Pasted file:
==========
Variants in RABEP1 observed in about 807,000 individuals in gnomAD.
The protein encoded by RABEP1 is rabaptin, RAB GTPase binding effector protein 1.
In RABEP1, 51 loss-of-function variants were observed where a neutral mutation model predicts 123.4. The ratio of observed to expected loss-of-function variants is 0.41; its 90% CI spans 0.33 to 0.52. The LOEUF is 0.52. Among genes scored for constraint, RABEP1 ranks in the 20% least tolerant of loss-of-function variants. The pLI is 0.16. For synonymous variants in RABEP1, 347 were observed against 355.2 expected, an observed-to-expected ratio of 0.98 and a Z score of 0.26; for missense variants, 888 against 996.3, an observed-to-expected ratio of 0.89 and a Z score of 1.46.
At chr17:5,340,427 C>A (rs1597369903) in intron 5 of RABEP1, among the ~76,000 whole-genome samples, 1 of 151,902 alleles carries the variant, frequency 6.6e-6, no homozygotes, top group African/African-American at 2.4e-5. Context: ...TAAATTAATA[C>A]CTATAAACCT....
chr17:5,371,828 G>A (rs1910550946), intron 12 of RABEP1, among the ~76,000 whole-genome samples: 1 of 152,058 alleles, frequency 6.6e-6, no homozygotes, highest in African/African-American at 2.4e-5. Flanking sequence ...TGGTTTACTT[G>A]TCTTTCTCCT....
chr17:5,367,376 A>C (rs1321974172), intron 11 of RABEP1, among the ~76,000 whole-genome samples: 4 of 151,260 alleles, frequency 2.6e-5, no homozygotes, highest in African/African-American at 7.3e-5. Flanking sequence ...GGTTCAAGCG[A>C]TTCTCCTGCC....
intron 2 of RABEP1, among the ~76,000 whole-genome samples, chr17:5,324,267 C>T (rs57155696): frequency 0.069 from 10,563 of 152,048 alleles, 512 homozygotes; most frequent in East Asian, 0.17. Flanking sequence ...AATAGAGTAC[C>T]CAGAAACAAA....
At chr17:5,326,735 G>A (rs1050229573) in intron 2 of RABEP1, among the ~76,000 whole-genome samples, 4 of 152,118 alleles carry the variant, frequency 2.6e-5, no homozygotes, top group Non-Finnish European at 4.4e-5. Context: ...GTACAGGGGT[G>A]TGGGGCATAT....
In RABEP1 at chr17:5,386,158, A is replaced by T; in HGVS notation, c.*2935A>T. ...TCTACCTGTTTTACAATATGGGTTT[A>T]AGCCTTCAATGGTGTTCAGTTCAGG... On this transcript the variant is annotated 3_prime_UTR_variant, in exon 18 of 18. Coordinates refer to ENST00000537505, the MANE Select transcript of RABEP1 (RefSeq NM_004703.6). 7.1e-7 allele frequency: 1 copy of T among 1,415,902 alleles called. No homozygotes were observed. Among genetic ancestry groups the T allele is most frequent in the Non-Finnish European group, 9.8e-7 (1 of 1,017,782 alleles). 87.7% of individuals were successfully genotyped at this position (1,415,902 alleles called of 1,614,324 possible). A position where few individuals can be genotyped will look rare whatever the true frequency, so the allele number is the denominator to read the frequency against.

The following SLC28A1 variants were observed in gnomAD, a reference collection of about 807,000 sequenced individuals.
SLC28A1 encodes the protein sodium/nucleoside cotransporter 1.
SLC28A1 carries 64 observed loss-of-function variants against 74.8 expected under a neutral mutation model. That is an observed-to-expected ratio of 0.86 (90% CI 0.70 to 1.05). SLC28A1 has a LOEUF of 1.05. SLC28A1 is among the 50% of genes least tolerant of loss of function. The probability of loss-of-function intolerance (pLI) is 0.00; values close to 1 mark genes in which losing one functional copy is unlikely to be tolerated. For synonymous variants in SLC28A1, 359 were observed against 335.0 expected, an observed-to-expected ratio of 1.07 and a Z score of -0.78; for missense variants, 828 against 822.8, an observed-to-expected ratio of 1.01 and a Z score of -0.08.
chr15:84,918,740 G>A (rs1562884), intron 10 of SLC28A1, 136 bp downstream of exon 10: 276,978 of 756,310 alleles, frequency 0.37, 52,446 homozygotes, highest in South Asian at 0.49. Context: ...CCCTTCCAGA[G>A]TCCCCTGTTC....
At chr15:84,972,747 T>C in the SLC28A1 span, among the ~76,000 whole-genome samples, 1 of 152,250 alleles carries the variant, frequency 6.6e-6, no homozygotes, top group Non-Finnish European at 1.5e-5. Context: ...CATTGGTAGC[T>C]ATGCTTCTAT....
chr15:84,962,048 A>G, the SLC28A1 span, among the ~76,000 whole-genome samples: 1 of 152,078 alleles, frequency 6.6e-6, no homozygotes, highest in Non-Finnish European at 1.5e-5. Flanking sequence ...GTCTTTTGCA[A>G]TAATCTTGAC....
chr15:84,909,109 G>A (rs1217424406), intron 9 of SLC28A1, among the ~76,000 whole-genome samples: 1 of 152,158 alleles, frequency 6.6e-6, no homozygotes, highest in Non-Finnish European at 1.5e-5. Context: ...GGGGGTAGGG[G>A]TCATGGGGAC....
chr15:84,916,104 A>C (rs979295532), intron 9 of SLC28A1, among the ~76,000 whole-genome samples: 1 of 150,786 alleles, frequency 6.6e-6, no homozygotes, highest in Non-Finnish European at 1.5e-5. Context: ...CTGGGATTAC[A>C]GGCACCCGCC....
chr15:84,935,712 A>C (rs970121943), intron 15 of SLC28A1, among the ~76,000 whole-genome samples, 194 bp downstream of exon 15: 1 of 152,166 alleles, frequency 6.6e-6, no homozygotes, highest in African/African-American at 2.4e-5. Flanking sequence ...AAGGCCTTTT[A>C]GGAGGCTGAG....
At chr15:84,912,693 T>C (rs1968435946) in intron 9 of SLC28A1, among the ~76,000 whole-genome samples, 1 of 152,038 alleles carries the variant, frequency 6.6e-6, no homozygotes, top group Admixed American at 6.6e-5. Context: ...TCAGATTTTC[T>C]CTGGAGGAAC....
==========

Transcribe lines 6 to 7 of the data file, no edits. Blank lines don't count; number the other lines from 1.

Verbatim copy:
chr17:5,367,376 A>C (rs1321974172), intron 11 of RABEP1, among the ~76,000 whole-genome samples: 4 of 151,260 alleles, frequency 2.6e-5, no homozygotes, highest in African/African-American at 7.3e-5. Flanking sequence ...GGTTCAAGCG[A>C]TTCTCCTGCC....
intron 2 of RABEP1, among the ~76,000 whole-genome samples, chr17:5,324,267 C>T (rs57155696): frequency 0.069 from 10,563 of 152,048 alleles, 512 homozygotes; most frequent in East Asian, 0.17. Flanking sequence ...AATAGAGTAC[C>T]CAGAAACAAA....